With the 60th anniversary of the end of the war, the experiments on children are being remembered in two exhibits in Vienna. A special ceremony will also mark the day three years ago that Vienna's government finally buried the brains of the 5,000 children killed by the Nazis at Spiegelgrund. The organs had been preserved during the war for medical research.
Vatican City, Apr 11, 2005 (CNA) - Pope John Paul II could be named a saint as early as October.
Archbishop Edward Nowak, the secretary for the Congregation for the Causes of Saints, told the Italian daily Corriere della Sera that six months could be enough time to attribute two miracles to John Paul II, a requirement for canonization.
Despite reports of miracles carried out by John Paul II during his lifetime, only those occurring after his death would count toward his sainthood.
The Polish-born archbishop said the next Pope could choose to bypass the usual lengthy procedure, which dictates that the process for beatification begin only five years after a person’s death.
Pope John Paul II, for example, waived the five-year rule for Blessed Mother Teresa of Calcutta, whose canonization process began only a year and a half after her death.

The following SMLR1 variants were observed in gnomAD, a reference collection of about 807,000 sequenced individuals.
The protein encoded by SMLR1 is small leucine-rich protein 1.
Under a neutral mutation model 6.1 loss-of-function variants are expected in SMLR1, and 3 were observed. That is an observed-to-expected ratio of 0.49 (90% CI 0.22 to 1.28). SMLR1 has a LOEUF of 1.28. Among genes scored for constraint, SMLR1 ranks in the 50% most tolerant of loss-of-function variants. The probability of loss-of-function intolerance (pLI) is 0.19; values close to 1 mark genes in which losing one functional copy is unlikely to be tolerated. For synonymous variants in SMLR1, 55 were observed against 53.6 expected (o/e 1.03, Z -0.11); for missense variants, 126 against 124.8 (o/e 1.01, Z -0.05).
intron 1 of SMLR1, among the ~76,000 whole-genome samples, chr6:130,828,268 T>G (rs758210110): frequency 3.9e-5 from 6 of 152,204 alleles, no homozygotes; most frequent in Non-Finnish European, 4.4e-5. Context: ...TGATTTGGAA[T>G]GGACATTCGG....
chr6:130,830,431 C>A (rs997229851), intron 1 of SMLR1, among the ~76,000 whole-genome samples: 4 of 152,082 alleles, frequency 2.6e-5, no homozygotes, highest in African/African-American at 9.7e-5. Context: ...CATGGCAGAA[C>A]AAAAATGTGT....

"The synod of bishops is meeting in Rome in October and it could be an appropriate opportunity to make such a decision," Archbishop Nowak was quoted as saying.
Since the Pope’s death April 2, there has been great enthusiasm among the faithful for his speedy canonization.
However, reports indicate that the Vatican is trying to curb this enthusiasm and follow appropriate procedures.
During John Paul’s funeral mass, April 8, the crowd of faithful broke out into the chant "santo, santo", while others held up large banners that read "Santo subito" (sainthood now).
Havana, Cuba, Apr 11, 2005 (CNA) - Following the funeral mass of Pope John Paul II April 8, Cubans inaugurated their first-ever photo exhibit of the late pontiff at the Jose Marti Memorial in Havana's Revolution Square.
The 56-photo exhibit, which includes photos of President Fidel Castro’s official visit with Pope John Paul at the Vatican in 1996 and the Pope’s visit to Cuba two years later, will run until April 22. It also features coins and medals commemorating John Paul’s 26-year pontificate.
According to Periodico 26, the exhibition was inaugurated by the director of the Jose Marti Program, Armando Hart Davalos, in the presence of Culture Minister Abel Prieto, other Communist Party officials and the papal nuncio in Cuba, Archbishop Luigi Bonazzi.